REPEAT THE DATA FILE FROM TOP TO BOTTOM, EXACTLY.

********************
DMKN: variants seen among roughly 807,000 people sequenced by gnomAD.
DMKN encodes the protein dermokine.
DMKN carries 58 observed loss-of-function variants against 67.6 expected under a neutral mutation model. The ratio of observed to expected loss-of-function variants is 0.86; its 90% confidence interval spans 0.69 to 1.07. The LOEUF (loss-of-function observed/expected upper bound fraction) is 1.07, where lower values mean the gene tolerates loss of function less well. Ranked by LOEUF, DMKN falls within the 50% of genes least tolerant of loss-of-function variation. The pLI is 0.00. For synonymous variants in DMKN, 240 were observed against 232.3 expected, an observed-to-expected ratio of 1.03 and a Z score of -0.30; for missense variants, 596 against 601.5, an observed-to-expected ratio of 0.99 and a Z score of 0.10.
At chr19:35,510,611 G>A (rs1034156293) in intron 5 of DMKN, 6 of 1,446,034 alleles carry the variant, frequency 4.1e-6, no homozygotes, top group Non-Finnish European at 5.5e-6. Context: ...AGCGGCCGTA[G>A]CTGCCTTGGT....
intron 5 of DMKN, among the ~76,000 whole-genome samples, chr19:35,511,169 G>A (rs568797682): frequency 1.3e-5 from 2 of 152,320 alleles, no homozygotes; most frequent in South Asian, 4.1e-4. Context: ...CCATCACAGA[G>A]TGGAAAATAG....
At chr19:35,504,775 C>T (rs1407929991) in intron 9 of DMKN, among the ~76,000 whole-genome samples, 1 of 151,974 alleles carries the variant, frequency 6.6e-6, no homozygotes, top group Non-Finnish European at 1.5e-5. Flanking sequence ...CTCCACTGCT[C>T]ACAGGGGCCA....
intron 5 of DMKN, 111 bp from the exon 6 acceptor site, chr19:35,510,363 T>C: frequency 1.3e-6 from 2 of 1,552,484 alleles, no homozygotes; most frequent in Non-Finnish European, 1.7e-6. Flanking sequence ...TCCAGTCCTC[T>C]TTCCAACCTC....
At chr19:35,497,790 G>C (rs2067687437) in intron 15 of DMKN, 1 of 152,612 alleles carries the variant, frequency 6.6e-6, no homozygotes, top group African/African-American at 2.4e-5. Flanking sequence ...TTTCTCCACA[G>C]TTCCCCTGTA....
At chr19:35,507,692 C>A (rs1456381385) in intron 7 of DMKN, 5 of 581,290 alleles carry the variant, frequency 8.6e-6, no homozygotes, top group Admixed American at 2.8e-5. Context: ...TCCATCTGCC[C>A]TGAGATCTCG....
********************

DMKN: variants seen among roughly 807,000 people sequenced by gnomAD.
DMKN encodes the protein dermokine.
DMKN carries 58 observed loss-of-function variants against 67.6 expected under a neutral mutation model. The ratio of observed to expected loss-of-function variants is 0.86; its 90% confidence interval spans 0.69 to 1.07. The LOEUF (loss-of-function observed/expected upper bound fraction) is 1.07, where lower values mean the gene tolerates loss of function less well. Ranked by LOEUF, DMKN falls within the 50% of genes least tolerant of loss-of-function variation. The pLI is 0.00. For synonymous variants in DMKN, 240 were observed against 232.3 expected, an observed-to-expected ratio of 1.03 and a Z score of -0.30; for missense variants, 596 against 601.5, an observed-to-expected ratio of 0.99 and a Z score of 0.10.
At chr19:35,510,611 G>A (rs1034156293) in intron 5 of DMKN, 6 of 1,446,034 alleles carry the variant, frequency 4.1e-6, no homozygotes, top group Non-Finnish European at 5.5e-6. Context: ...AGCGGCCGTA[G>A]CTGCCTTGGT....
intron 5 of DMKN, among the ~76,000 whole-genome samples, chr19:35,511,169 G>A (rs568797682): frequency 1.3e-5 from 2 of 152,320 alleles, no homozygotes; most frequent in South Asian, 4.1e-4. Context: ...CCATCACAGA[G>A]TGGAAAATAG....
At chr19:35,504,775 C>T (rs1407929991) in intron 9 of DMKN, among the ~76,000 whole-genome samples, 1 of 151,974 alleles carries the variant, frequency 6.6e-6, no homozygotes, top group Non-Finnish European at 1.5e-5. Flanking sequence ...CTCCACTGCT[C>T]ACAGGGGCCA....
intron 5 of DMKN, 111 bp from the exon 6 acceptor site, chr19:35,510,363 T>C: frequency 1.3e-6 from 2 of 1,552,484 alleles, no homozygotes; most frequent in Non-Finnish European, 1.7e-6. Flanking sequence ...TCCAGTCCTC[T>C]TTCCAACCTC....
At chr19:35,497,790 G>C (rs2067687437) in intron 15 of DMKN, 1 of 152,612 alleles carries the variant, frequency 6.6e-6, no homozygotes, top group African/African-American at 2.4e-5. Flanking sequence ...TTTCTCCACA[G>C]TTCCCCTGTA....
At chr19:35,507,692 C>A (rs1456381385) in intron 7 of DMKN, 5 of 581,290 alleles carry the variant, frequency 8.6e-6, no homozygotes, top group Admixed American at 2.8e-5. Context: ...TCCATCTGCC[C>A]TGAGATCTCG....